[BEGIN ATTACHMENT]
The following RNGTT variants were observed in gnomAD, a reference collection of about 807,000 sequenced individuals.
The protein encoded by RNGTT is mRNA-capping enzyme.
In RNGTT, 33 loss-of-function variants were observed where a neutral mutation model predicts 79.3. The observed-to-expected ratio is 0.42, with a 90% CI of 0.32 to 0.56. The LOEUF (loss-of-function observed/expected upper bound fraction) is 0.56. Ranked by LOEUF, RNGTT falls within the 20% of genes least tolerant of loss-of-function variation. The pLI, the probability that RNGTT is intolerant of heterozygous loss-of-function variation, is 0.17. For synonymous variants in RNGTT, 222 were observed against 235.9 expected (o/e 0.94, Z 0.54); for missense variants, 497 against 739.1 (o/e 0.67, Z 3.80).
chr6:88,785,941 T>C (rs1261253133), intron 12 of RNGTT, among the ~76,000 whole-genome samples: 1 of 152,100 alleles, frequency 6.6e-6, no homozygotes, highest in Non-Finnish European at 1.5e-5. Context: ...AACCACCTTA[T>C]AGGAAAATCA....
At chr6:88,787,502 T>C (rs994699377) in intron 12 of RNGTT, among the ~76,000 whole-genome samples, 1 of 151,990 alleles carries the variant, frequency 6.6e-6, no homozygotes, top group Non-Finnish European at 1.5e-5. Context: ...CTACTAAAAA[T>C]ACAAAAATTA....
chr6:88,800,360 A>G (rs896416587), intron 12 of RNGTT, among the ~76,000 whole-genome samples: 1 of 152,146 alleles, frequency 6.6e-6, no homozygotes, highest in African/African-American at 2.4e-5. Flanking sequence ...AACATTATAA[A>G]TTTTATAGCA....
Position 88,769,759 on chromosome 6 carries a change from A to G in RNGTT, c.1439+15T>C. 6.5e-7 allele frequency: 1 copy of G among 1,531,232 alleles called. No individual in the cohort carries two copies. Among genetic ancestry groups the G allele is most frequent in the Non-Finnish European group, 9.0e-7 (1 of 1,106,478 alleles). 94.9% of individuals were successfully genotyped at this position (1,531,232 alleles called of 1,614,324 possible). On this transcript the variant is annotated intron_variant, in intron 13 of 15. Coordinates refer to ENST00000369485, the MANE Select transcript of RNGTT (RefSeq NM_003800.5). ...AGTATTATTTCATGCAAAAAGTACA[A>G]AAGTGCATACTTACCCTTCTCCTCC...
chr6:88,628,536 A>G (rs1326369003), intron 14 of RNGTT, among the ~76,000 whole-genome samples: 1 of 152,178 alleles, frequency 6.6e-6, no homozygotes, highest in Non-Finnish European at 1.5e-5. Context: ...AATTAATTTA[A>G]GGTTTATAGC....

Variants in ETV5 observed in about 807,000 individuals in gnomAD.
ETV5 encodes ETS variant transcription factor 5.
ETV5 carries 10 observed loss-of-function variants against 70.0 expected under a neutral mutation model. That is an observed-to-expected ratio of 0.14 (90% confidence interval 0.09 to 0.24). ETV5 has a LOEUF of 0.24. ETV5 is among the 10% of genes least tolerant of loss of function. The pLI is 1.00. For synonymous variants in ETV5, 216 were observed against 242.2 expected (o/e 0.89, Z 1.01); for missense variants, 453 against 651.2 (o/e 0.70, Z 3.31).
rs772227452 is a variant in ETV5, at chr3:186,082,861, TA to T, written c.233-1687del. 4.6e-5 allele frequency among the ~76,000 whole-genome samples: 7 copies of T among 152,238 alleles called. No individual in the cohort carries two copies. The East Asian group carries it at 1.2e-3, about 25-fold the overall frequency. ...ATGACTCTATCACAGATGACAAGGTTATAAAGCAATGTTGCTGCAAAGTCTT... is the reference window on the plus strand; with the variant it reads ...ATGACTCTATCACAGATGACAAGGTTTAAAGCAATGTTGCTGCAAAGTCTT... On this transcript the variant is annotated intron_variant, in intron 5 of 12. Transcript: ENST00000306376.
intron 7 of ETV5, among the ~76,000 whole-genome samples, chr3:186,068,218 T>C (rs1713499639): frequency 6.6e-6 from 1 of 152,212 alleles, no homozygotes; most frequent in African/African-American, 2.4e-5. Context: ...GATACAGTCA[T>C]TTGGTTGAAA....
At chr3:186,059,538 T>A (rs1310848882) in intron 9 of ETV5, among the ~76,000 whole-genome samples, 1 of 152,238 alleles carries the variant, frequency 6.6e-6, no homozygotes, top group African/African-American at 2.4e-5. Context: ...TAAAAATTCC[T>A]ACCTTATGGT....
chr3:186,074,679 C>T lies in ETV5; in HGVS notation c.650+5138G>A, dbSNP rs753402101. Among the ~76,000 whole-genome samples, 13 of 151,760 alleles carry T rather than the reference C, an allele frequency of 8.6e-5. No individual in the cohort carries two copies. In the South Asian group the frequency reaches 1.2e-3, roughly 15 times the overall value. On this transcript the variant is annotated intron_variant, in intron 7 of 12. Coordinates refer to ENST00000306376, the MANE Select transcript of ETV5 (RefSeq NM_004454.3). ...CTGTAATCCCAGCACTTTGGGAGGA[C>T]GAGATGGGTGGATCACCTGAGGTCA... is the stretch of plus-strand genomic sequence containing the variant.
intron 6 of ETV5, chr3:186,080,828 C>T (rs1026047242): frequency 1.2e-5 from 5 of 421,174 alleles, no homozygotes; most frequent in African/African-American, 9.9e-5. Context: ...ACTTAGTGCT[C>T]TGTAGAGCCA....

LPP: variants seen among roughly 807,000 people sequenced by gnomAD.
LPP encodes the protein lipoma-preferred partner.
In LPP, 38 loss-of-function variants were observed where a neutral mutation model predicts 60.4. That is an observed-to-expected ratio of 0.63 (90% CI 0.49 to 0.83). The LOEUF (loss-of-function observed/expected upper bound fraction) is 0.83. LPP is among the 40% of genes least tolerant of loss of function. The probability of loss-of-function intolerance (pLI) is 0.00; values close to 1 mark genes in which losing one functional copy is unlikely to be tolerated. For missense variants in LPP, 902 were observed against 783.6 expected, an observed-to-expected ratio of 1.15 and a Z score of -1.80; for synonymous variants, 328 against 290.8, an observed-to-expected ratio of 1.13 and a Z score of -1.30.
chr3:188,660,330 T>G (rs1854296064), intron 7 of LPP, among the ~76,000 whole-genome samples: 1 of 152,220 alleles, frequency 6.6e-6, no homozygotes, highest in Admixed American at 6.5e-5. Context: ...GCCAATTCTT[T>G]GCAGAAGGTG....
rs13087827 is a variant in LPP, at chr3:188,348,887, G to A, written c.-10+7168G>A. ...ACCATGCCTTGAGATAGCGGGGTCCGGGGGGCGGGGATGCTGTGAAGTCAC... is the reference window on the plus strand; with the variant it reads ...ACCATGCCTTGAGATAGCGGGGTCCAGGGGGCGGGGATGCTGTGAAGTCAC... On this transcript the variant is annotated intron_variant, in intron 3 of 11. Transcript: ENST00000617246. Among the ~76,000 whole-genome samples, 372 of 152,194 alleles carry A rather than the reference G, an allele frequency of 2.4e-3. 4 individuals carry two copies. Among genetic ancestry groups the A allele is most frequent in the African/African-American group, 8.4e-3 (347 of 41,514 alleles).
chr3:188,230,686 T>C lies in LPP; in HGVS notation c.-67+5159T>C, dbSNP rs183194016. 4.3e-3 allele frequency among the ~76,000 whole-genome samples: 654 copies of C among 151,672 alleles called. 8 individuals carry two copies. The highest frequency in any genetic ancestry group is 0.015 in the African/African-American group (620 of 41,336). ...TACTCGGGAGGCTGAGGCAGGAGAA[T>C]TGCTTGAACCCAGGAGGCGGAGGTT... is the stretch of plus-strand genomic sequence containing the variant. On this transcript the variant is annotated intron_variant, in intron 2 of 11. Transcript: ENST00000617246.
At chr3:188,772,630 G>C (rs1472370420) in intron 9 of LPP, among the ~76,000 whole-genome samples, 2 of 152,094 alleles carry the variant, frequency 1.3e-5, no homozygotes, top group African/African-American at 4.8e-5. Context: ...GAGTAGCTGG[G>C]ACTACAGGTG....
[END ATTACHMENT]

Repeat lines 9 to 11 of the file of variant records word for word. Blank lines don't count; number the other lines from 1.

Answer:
Variants in ETV5 observed in about 807,000 individuals in gnomAD.
ETV5 encodes ETS variant transcription factor 5.
ETV5 carries 10 observed loss-of-function variants against 70.0 expected under a neutral mutation model. That is an observed-to-expected ratio of 0.14 (90% confidence interval 0.09 to 0.24). ETV5 has a LOEUF of 0.24. ETV5 is among the 10% of genes least tolerant of loss of function. The pLI is 1.00. For synonymous variants in ETV5, 216 were observed against 242.2 expected (o/e 0.89, Z 1.01); for missense variants, 453 against 651.2 (o/e 0.70, Z 3.31).